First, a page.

The Northern Ireland Federation of Housing Associations (NIFHA) has joined forces with the housing association representatives in England, Scotland, and Wales to call on the UK government to extend the £20 uplift in Universal Credit (UC) payments.
Research has shown that the removal of the £20 uplift would have a severe, detrimental impact on many families, who have come to rely on the additional finance during the pandemic to pay for vital services.
NIFHA, Community Housing Cymru, National Housing Federation, and Scottish Federation of Housing Associations have written to Will Quince, minister for Welfare Delivery in the Department of Work and Pensions, to outline the impact any proposal to remove the uplift would have.
The call from all four representative bodies comes as ministers from the Welsh Parliament, Scottish Parliament, and the NI Assembly have also come together to voice opposition to the removal of the UC uplift.
Speaking after the letter to the minister was sent, Patrick Thompson, deputy chief executive of NIFHA (pictured), said: “The £20 uplift has not been a luxury payment for those receiving Universal Credit, but a vital payment to support them through an extremely difficult time.
“It has paid for essential services, such as phones and broadband to keep families connected, and on groceries and other household goods, which have all seen price rises.
“The removal of this payment will have a direct impact on thousands of families, leaving them in extreme financial difficulties.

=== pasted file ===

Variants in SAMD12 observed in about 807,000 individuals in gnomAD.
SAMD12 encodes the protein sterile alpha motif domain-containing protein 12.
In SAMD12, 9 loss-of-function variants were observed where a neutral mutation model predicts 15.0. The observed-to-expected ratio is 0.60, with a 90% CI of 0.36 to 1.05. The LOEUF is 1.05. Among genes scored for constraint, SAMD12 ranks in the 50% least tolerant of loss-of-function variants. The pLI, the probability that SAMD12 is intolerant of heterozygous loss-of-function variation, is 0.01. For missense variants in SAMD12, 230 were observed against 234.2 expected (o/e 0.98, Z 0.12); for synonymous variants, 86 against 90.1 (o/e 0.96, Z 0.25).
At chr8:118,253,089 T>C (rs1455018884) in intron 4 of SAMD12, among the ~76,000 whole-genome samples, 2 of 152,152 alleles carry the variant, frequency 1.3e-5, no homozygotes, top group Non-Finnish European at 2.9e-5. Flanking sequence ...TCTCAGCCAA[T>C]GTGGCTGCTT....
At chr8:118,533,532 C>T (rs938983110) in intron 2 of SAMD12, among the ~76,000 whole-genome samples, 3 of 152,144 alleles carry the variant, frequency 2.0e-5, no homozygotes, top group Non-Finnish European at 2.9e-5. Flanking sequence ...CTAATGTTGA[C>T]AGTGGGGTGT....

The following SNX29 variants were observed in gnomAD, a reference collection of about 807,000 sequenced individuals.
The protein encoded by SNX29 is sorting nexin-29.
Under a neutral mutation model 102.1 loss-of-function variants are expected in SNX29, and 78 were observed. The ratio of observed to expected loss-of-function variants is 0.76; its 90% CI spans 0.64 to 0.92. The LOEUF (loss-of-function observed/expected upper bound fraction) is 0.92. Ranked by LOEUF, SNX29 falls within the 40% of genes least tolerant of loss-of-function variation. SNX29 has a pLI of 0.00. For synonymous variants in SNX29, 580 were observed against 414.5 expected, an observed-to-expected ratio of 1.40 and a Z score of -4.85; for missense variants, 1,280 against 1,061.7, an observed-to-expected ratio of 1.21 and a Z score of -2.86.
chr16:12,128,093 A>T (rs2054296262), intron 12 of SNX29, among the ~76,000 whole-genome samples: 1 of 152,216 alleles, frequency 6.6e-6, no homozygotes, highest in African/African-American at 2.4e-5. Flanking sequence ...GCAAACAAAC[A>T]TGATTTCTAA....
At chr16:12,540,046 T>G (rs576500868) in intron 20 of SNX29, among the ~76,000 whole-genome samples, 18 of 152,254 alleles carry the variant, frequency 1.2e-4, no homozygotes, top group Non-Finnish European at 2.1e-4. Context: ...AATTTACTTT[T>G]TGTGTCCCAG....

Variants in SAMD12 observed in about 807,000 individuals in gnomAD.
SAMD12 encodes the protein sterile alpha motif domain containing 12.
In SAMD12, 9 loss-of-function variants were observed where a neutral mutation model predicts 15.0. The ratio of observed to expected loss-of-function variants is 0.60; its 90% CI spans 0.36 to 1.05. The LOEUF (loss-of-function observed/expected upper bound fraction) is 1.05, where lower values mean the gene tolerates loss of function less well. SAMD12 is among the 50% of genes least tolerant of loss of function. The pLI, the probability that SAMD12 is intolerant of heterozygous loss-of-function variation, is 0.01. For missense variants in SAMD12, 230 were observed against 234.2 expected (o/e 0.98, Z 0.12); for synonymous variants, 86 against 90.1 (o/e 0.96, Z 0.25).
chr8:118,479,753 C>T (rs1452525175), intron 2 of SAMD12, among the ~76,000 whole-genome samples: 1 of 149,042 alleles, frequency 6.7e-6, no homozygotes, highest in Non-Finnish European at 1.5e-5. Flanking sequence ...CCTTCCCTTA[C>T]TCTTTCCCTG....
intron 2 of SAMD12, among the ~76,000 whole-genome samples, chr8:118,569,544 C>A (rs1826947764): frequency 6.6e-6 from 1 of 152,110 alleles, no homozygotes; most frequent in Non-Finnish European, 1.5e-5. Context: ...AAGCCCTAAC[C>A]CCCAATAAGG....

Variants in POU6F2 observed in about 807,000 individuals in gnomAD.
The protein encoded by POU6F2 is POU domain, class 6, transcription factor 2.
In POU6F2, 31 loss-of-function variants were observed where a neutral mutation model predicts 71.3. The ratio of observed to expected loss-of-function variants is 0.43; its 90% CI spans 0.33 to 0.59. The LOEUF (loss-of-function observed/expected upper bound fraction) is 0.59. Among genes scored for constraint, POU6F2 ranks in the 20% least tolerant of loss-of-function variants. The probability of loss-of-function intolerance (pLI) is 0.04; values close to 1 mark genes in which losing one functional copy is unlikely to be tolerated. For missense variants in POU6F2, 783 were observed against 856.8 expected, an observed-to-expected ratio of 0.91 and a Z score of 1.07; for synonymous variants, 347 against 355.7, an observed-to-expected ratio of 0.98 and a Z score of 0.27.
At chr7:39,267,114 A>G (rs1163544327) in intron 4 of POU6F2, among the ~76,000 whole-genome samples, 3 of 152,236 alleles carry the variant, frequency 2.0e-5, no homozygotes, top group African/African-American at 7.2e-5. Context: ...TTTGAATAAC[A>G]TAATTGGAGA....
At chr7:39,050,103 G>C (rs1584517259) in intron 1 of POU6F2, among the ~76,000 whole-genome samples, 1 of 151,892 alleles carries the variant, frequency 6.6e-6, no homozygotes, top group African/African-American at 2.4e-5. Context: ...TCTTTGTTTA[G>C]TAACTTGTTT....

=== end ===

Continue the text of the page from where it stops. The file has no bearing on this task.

“It will mean stark choices on which bills to pay.
“Many do not realise that the government’s intention was that this should be a temporary payment, and for it to be cut from their weekly budget will be a shock.
“NIFHA, along with our counterparts in England, Scotland and Wales, is calling upon the government to make this payment a permanent feature of Universal Credit, or at the very least extend it until March 2022 so that the sufficiency of the standard allowance can be reviewed.
“We cannot allow thousands of families to be plunged into debt at this difficult time.”
Housing associations in the north of England have also called for the government to continue the £20 Universal Credit uplift.
The income of their 39,949 residents claiming UC in the region will collectively fall by £798,980 a week – over £41m a year – their analysis found.
Image: WAYHOME studio/Shutterstock
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